4) Authors talk about “the call.” Usually, it has to deal with getting an agent or getting published or getting an accolade. What was the best “call” you ever received in terms of your writing, and how did it go down?

My call came back in June 2005. I was working on the computer in the study when the phone rang. I decided to let the answering machine get it and then I heard the caller ID, in her robotic voice say, “Call from HarperCollins Publishers.” Well, of course I jumped up and ran to the kitchen, but the phone was not in the cradle where it should have been, so after looking around frantically, I hit the SPEAKER button and said “Hello.” And I heard, “This is Leann Heywood with HarperCollins publishers. Can I speak with Nina Nelson?” To which I replied (as my children giggled and screeched in the background completely oblivious that this was Mama’s “big call’”) “Yes, this is she. Would you hold on one minute while I find the phone” And then once I found the phone, I answered breathlessly “Okay, sorry about that” and the calm woman on the other end of the line said, “That’s alright. I’m assuming those were your children I heard, unless you’re running a daycare center out of your home.” We both laughed—me probably a little too loudly and then she continued with, “I’m just calling to congratulate you; your manuscript, Bringing the Boy Home, was chosen as the winner of this year’s Ursula Nordstrom Fiction Contest.” To which I screamed “Really?” and started jumping around. The babysitter was staring at me with wide eyes, mouthing “What?” and I wrote on a post-it “I WON THE CONTEST!” And then, thank God, I took notes because I don’t remember a word of what Leann said after that. That “I WON THE CONTEST” post-it is now taped into my scrapbook along with the label of the champagne my husband and I drank to celebrate.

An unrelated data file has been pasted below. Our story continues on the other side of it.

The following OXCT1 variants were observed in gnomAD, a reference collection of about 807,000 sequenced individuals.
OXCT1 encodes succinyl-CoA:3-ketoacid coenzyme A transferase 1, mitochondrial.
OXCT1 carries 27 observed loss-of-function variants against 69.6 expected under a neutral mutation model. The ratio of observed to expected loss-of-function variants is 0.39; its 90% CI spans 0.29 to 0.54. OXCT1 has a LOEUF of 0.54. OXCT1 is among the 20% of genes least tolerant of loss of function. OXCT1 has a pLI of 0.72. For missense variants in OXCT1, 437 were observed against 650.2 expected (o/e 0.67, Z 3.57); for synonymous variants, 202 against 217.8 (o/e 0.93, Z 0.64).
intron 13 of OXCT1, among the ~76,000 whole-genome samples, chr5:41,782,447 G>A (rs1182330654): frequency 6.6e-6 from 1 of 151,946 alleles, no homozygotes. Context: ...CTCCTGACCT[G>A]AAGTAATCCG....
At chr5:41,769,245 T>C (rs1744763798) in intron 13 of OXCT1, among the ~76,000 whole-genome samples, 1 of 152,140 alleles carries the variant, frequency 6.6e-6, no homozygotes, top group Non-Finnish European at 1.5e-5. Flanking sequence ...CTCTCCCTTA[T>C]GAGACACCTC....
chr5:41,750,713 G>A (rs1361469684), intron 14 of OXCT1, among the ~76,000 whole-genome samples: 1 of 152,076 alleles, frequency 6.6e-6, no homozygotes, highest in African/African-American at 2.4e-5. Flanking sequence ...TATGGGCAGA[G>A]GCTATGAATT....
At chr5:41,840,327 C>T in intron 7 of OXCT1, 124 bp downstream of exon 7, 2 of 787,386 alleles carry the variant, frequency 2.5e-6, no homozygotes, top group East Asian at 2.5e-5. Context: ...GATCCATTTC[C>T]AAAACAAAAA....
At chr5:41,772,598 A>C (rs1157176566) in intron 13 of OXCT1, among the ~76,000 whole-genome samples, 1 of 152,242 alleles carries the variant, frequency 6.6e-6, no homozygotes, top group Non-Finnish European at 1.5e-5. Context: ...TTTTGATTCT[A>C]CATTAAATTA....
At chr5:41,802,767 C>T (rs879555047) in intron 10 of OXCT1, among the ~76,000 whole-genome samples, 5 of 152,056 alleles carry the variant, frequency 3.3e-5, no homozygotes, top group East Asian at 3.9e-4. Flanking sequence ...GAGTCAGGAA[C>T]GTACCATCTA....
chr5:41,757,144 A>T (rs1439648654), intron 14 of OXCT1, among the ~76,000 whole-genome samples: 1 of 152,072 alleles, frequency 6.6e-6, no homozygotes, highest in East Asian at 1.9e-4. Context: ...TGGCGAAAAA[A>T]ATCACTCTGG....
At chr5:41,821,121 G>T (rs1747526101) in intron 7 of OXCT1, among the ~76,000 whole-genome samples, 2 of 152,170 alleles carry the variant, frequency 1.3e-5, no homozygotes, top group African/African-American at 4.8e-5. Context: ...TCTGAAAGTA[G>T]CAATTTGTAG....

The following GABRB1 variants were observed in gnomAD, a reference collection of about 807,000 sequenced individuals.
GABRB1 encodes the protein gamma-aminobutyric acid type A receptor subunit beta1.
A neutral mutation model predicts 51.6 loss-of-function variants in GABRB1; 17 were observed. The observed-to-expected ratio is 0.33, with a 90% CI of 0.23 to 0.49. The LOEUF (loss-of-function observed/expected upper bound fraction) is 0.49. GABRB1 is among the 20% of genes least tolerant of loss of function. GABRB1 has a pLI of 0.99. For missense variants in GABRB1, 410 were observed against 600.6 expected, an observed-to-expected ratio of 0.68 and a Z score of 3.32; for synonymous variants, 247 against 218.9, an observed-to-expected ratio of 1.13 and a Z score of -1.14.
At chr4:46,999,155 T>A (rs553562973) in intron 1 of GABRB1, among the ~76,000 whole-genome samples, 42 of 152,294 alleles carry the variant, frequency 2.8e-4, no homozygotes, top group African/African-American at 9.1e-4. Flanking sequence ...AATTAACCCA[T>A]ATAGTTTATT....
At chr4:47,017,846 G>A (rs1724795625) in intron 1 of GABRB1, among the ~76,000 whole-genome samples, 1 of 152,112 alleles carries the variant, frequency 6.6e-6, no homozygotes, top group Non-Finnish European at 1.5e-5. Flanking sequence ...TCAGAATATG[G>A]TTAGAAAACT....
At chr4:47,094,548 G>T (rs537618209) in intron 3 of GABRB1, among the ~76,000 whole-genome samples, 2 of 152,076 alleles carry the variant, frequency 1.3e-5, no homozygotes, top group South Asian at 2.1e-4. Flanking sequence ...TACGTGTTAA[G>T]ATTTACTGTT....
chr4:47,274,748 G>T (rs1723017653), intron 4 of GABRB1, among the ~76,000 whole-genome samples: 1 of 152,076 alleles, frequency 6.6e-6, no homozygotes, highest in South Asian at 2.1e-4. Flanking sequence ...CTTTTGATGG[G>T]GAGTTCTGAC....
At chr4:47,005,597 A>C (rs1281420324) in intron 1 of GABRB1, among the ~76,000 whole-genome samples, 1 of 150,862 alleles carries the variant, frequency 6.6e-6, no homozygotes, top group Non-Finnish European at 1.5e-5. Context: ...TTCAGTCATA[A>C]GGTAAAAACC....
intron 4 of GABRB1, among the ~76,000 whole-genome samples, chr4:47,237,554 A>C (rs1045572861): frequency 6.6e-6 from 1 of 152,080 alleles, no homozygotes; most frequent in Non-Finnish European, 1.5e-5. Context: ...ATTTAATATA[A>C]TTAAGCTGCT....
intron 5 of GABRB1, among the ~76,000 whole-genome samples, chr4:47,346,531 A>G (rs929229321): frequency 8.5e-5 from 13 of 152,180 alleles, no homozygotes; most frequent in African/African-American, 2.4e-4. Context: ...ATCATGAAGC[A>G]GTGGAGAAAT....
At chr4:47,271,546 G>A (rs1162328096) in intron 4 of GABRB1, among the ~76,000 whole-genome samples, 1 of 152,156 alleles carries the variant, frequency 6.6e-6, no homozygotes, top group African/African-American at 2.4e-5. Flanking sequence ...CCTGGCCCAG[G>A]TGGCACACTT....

5) What is your typical writing day like?

Well, seeing as how I’m still working out the magic formula of how to make “the typical writing day” into “the perfect writing day” (which I will then repeat until I die), I don’t really have one. BUT this is what seems to work best for me right now: I list the things I need to get done, divide my day into 50 minute increments of time (my husband taught me this from the business world—they are called Power Fifties) and then I stick to that schedule. I’m a pretty laid-back person, so being so regimented is unusual for me, but this routine has produced results. So this is what my day might look like:

9-9:50 answer emails
10-10:50 work out
11-11:50 shower and eat lunch,
12-12:50 work on Amanda’s interview
1-1:50 call Rolla bookstore, cancel Townhouse for Dogs, make dentist appt for kids, call insurance company, send poster and bookmarks to The Written Word
2-3:00 speak at the Bookworms book club at Fairfield Public Library
3:30-3:50 have snack and look through mail
4-4:50 more email and check Amazon reviews and worldcat.org
5-5:50 Abby for a walk
6-8 dinner and kids to bed
8-??? Write

Sometimes I write during the day, but with my book having just launched, I seem to do better at night after everyone’s in bed and all the fires of the day have been put out. Oh, and those ten minutes right between one task and another—yeah, those are for potty breaks.